I am still lucky enough to get to spend all day Monday and all day Friday with my son. He's four now, and more fun than ever. Next fall he'll be in preschool five days a week, under the influence of his peers more than ever. I am pretty committed to enjoying the time we have right now.
On Friday mornings we usually go to the coffee shop with a pad of paper and he sits next to me while we draw pictures of the costumes he wants me to make him. I will fully admit to going overboard with this, but there's something so satisfying about making stuff for your kid and having him truly enjoy it, especially in a world where Lego Star Wars and Hero Factory and Nintendo DS loom as inevitable---a world where all these corporations cannot wait to sink their claws into your kid and groom him to be a good little consumer. I want to protect him from that as long as I can, and arm him against it.
The other day I saw my son and a few of his friends sitting crosslegged in front of a tree, holding something invisible in their hands and rapidly moving their thumbs. I asked them what they were doing and one of them responded, "We're playing Xbox." When I was a kid I played video games and licensed character toys, so I know my horror at this makes me an annoying hypocrite. But it's precisely because I know how soon we'll be besieged by all that shit that I want to prolong this time when he still looks to his own imagination and to me as his toymaker. His co-storyteller. His squire. Nothing I've ever made has seen as much use as the armor I made the kids last fall. All winter long, on the Mondays and Fridays that my son and I share, he has begged to go for "a knight walk." He's got enough different helmets and capes and foam weapons that he puts together a slightly different ensemble each time. In each adventure he has a different hero name and a different evil enemy he must pursue and conquer. As I strap on his breastplate and hand him his shield, something happens: I can almost see his imagination go to full throttle as we exit into the cold air and he becomes a hero and there are trolls and ogres waiting behind bushes and he knows he is strong enough to defeat them all. The huge apartment towers are an enemy's impregnable castle; the ventilation grates lead to its subterranean dungeons. Smoking steam pipes are a dragon's lair. As we wander around the neighborhood looking for monsters, I whisper a silent apology to Lego and the video game people: Sorry guys, you can't have him yet.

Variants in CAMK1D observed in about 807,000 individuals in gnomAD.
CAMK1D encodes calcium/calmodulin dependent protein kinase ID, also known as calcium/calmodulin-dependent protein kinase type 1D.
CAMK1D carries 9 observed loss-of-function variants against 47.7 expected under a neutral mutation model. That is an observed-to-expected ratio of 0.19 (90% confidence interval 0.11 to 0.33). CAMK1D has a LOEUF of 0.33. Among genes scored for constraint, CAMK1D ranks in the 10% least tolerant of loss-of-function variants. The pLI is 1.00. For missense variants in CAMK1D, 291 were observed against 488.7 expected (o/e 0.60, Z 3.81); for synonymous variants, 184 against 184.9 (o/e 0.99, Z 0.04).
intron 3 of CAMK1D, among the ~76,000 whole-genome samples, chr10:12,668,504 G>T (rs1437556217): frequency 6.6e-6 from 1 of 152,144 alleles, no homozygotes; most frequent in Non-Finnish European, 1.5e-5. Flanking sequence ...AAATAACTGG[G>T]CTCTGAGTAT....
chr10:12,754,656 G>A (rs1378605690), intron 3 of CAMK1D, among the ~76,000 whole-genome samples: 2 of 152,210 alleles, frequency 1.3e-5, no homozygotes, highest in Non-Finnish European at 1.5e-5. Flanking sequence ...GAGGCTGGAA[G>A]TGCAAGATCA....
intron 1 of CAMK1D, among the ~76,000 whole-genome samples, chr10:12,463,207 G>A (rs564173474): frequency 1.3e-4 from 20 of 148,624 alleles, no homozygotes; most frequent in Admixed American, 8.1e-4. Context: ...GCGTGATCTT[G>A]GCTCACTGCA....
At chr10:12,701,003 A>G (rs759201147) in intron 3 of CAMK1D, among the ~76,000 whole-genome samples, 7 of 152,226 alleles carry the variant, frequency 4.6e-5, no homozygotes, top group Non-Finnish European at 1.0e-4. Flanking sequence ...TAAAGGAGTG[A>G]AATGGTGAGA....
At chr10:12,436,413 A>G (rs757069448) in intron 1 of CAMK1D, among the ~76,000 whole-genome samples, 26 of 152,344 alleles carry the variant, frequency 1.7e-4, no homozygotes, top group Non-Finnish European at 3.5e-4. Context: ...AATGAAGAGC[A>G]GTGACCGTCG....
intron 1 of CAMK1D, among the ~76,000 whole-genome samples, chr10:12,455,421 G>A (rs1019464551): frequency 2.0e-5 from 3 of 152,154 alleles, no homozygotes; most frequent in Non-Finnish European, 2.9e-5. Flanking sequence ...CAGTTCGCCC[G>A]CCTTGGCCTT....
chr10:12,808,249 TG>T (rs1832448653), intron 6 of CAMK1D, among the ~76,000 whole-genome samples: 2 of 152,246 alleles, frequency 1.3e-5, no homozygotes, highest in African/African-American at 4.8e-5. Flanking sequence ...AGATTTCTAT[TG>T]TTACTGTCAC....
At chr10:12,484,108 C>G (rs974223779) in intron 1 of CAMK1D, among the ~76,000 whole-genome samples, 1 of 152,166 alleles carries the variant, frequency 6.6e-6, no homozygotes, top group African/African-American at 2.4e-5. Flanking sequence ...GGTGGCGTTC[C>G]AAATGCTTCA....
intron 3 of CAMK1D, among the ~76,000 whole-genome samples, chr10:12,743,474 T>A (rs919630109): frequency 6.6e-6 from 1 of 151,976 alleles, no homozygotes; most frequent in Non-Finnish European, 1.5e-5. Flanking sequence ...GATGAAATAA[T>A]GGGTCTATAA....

Sometimes after sitting in that coffee shop drawing knights and dragons, we head to the art museum and stare at the armor in the great hall. I'd known I wanted to make him new, better armor for his birthday, and I was so inspired by the amazing craftsmanship and beauty of those suits of armor from William Randolph Hearst's old collection. When my daughter caught wind of what I was doing, she wanted in so I knew I'd be making two new suits of armor. She wanted to be a "Wood Elf" and he had long before decided he would be the "Dragon Knight." I wanted to work completely with leather this time. I read up on boiled leather armor and bought a few cheap remnants of veg-tanned cowhide and got to work. The first thing I did was carve him a scabbard for his sword with a dragon on it. He named his sword "Dragon's Tooth."